Schools on or near Native American reservations and military bases, which end up with less property tax revenue to support their operations, receive Impact Aid from the federal government to help make up the difference. Some of those schools submit requests for early payment when money looks like it may run dry. But those requests are sitting unexamined in an inbox while the government remains shut down, which means the schools will have to wait until after it re-opens to get the funds, a wait that could have extreme consequences.
The National Association of Federally Impacted Schools (NAFIS), which supports those that receive Impact Aid, has asked members to copy it on requests for early payment, and thus far has seen 22 that “clearly demonstrate a need” that are going unanswered, communications director Bryan Jernigan told ThinkProgress. (That’s in contrast to schools that simply send these requests as a matter of course, not based on urgent need.) He added that they are continuing to come in. They typical reason cited by these schools is that thy have depleted their fund balances – in many cases thanks to severe cuts brought about by sequestration – and have nothing to draw from.
NAFIS executive director John Forkenbrock clarified that “the shutdown is not a problem as we speak right now,” but if it goes into the end of November, “then it will be come a problem” for those districts that are in need of early payments. He estimated that there are probably about 40 to 50 schools that, if they don’t get the payments by the first of January, will “make some serious cutbacks.”
But while the lack of funding won’t hit until later on, the anxiety about whether it will come down is having an impact now. Dr. David Aiken, superintendent of the Lapwai School District in Idaho near the Nez Perce Reservation, said in an interview, “We’re feeling the crunch. It’s got me really nervous, I’m really concerned.” That’s because Impact Aid makes up a third of the district’s entire budget, making it a “pretty significant and critical piece of funding” for the school. In particular, the district has been struggling to keep up with an increasing number of special education students, expenses for which have increased by $220,000 while federal and state funding has fallen. In his letter explaining his request for early payment that he shared with ThinkProgress, Aiken also pointed to an unexpected cost of $55,000 to get in compliance with the Environmental Protection Agency in regards to a concern in its transportation garage.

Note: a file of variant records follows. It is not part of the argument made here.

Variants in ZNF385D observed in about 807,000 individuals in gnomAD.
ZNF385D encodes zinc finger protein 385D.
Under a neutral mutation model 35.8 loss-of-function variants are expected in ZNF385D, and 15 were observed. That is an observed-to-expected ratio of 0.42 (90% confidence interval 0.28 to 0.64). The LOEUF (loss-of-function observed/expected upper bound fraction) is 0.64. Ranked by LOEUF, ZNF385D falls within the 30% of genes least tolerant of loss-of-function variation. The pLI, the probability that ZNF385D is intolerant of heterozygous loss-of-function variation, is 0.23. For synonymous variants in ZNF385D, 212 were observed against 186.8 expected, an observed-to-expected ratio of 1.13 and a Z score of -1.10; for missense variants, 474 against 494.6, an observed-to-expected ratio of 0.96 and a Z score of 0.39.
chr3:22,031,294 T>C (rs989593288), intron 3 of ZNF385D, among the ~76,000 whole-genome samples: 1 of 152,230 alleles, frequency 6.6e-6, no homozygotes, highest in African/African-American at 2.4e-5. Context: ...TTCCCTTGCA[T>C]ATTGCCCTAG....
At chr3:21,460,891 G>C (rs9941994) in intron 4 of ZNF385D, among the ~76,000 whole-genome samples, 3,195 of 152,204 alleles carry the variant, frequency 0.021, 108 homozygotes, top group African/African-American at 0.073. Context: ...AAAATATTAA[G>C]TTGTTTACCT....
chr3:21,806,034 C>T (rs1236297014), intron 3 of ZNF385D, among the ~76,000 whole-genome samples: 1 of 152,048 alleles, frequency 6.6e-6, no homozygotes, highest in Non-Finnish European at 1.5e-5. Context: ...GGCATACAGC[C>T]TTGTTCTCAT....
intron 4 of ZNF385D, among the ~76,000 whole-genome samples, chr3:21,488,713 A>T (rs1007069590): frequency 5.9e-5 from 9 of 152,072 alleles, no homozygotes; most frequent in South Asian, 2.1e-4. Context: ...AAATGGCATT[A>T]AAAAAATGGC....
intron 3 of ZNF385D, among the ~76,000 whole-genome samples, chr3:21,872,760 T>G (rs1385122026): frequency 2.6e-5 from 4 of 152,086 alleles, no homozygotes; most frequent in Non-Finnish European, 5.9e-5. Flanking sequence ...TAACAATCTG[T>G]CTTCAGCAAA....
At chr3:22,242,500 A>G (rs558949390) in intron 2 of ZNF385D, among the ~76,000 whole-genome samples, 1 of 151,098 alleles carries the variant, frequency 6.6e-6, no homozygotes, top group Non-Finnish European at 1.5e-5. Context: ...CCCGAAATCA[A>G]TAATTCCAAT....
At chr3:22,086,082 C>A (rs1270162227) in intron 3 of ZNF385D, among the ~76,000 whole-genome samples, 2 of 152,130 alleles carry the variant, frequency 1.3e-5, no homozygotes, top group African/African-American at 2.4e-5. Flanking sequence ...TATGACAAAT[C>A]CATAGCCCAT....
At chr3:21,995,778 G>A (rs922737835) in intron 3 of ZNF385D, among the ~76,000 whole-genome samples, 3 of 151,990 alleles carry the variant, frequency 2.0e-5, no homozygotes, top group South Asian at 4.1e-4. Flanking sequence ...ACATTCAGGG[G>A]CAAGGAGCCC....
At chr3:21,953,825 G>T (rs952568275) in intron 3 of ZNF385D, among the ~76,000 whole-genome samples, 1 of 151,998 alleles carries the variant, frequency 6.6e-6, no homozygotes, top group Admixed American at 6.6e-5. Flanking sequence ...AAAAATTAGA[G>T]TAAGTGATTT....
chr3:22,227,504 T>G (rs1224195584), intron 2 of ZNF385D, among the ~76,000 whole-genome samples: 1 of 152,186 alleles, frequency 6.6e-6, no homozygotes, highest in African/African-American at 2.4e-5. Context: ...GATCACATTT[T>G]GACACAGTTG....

While the school will probably manage through the end of the year, if the district doesn’t get some federal assistance by then, “we’re looking at a reduction in force,” Aiken said. But he explained that the school can’t really afford to reduce staff. It’s already slimmed down. Three years ago, in preparation for a reduction in Impact Aid, it reduced its staff and has re-hired very few of those positions. “We’re operating on the bare minimum staff to get the job done,” he said.
Impact Aid also makes up a third of the budget for the Lac du Flambeau Public School District in Wisconsin near a reservation of the same name, according to Superintendent Larry Ouimette. It was expecting “a major amount of money” in October and November to help it do things like make payroll, but that has been put on hold with the shutdown. If it doesn’t hear something soon about getting that funding, it will be forced to borrow money until it receives the payment, an option it is already looking into. “It’ll cost us more if we need to borrow money than if the federal government fulfilled the obligation that it owes us,” he said in an interview. “Taxpayers can’t decide not to pay their taxes but when the federal government does the same, we have to suffer the consequences from that.”
The school has already been dealing with sequestration, which cut its Impact Aid by 8 percent and is also now cutting into Title I and other federal sources of funding it receives. To cope with those cuts, it’s reduced some staff and held off on purchases and repairs.
Mike Radakovich, superintendent of the Brockton School District in Montana near the Fort Peck Indian Reservation, said the shutdown “could be really bad for us.” A lot is up in the air, including how much Impact Aid the school will get this year under sequestration and whether an early payment might come through. Right now it is being told it might only receive 65 percent of the funding it got last year. No matter how large the reduction, it will have a big toll on the school because it doesn’t have any reserves to fall back on. “We’re operating on a shoestring,” he said. “We’re going through a process” to cope with cuts, he said, and “all the options would be on the table,” including potential reductions in staff.
But the uncertainty itself is a challenge for the school, making it hard to plan anything. Of Congress, he said, “They’re putting our backs to the wall for sure.”
As the individual stories demonstrate, the schools that could be hit hardest by the shutdown are some of the neediest. “You’re automatically dealing with some of the neediest students in the country,” Jernigan said. “The schools that receive federal funding are by and large the neediest schools out there.” They’ve been reeling from sequestration, saying, “We got out by the skin of our teeth,” he said. Now the shutdown is making them panic.